DramaFeaturedLondonReview

Hakawatis: Women of the Arabian Nights – Sam Wanamaker Playhouse, London

Reviewer: John Cutler

Writer: Hannah Khalil

Director: Pooja Ghai

Four women are locked in a palace dungeon. The stone floor is strewn with pots and pans and there are only chests and broken boxes to sit on. Candles, set in roughhewn alcoves and held in the women’s hands, light the scene. A heavy door swings open and a teenage girl, Fatah The Young (a mesmerising Alaa Habib) is bundled roughly into the cell. The door slams shut. “Look at her,” says one of the women, gesturing in the terrified girl’s direction. “Plucked and waxed and creamed and painted. Ready for battle. For the inevitable.” As a device for posing a question as to where a play is headed, opening scenes do not get much better or more atmospheric than this.

Along with the unseen Scheherazade these are the last five females of child-bearing age left alive. The fat tyrant king ensconced in the chambers above weds, beds, and beheads a new wife every day. It is only his current spouse’s ability to divert him with stories that can save these five from gruesome, bloody deaths. The problem is, though she is “a warrior, strong, with golden hair like the sun,” as an originator of engaging tales Scheherazade frankly sucks. These five women need to smuggle out fresh stories every night in order to keep the whole show on the road. But, as Akila The Writer (Nadi Kemp-Sayfi) reminds us, an “old white man” once said that there are only seven basic plots in fiction.

Writing new tales, or plays for that matter, is a task that is harder than it sounds. It is one that will stretch these women’s abilities to the limit. Are they up to it? If not, Zuya The Warrior (a fantastic performance from a gold-armoured Laura Hanna) plans to have a go at the monster King with her fists. No-one seems to have much confidence in that solution.

Hannah Khalil’s wonderfully funny and impeccably executed Hakawatis: Women of the Arabian Nights is an ode to the power and potential of storytelling. It is about the ability of yarns to enthral, touch, educate and amuse, but also to subvert the powerful and to deny agency to monsters. It also has something to say about women’s relationships with each other and with the men who seek to control them. There is an irony not lost on this group: that in order to smuggle their texts to Scheherazade they must rely on the dubious favours of a male prison guard. They need men to protect them from other men, and the quid pro quo is often in the form of sexual services. Many of the narratives the women smuggle upstairs feature dumb farmers, husbands or djinns demanding a blow job from world-weary women. The story of the butcher’s wife and the puppy, one the funniest, offers Naha The Wise (Roann Hassani McCloskey) and Wadiha The Dancer (Houda Echouafni) the chance to map out some juicy retributive justice.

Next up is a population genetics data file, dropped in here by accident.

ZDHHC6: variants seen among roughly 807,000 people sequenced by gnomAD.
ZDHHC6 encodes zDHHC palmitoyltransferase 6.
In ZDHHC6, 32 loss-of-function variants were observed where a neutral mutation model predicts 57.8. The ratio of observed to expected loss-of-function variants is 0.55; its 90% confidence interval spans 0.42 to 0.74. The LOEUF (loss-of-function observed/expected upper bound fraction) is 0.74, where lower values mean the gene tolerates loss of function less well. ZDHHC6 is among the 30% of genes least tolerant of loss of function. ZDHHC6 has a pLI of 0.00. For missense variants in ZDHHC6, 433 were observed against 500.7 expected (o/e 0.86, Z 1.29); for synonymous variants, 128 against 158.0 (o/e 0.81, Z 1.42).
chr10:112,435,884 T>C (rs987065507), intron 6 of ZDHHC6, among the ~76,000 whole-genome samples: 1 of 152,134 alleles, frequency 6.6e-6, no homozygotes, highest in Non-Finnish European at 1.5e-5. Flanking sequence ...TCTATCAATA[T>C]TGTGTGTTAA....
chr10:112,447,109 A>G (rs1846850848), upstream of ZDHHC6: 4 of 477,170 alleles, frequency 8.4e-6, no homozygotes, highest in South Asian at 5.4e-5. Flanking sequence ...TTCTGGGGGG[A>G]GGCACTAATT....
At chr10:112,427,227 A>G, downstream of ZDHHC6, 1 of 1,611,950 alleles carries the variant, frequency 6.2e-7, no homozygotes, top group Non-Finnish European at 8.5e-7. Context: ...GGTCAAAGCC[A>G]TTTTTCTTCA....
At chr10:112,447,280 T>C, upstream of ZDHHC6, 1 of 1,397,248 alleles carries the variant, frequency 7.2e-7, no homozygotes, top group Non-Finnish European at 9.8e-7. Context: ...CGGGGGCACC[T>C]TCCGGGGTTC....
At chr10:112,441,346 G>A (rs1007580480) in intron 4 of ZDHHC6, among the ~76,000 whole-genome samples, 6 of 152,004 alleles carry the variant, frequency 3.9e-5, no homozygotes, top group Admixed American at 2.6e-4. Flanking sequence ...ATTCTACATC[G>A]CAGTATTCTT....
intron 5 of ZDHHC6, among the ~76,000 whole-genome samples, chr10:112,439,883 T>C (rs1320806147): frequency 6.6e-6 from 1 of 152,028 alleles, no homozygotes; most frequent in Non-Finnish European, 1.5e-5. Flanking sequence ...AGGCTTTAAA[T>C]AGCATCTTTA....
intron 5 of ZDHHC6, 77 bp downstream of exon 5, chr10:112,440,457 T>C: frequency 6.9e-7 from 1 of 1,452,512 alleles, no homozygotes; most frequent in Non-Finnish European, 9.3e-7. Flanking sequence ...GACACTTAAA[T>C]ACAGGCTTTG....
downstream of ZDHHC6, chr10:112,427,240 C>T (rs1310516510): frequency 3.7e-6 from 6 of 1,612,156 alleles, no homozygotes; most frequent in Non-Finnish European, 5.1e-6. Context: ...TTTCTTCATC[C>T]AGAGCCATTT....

The women are on a journey here, which is to save their lives, find strength in each other, and work out what it means to create good fiction. There is a sense that Khalil is using her characters as a kind of test bed for her own reflections on what fiction requires. What kind of moral message does a story need? How do you create a hook to keep an audience engaged and a King from getting his knife out? How to you reconcile the moral responsibility of a storyteller not to damage others with the insidious creep of self-censorship? Who decides how stories end?

Khalil looks for answers to these questions in her own heritage, specifically in One Thousand and One Nights, the Arabic collection of popular tales that covers many centuries and literary traditions. Working with collaborators Hanan Al-Shaykh and Suhayla El-Bushra she has devised new tales that draw on old ideas to reflect modern concerns. In the main it works brilliantly, but there is a comic recognition here too that fiction does not always turn out as planned. Scheherazade sends word back to the appalled and insulted group, “your stories are coarse and mundane” and simply not up to scratch. Khalil is taking a pop at critics of theatre and fiction and why not.

Pooja Ghai directs briskly giving the storytelling pacing and momentum. Superb music from Kareem Samara uses traditional Arabic and Western acoustic instruments and percussion to drive the beat of the women’s stories. This whole show is an unqualified treat.

Runs until 14 January 2023

The Reviews Hub Score

Fantastic storytelling treat

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The Reviews Hub - London

The Reviews Hub London is under the acting editorship of Richard Maguire. The Reviews Hub was set up in 2007. Our mission is to provide the most in-depth, nationwide arts coverage online.

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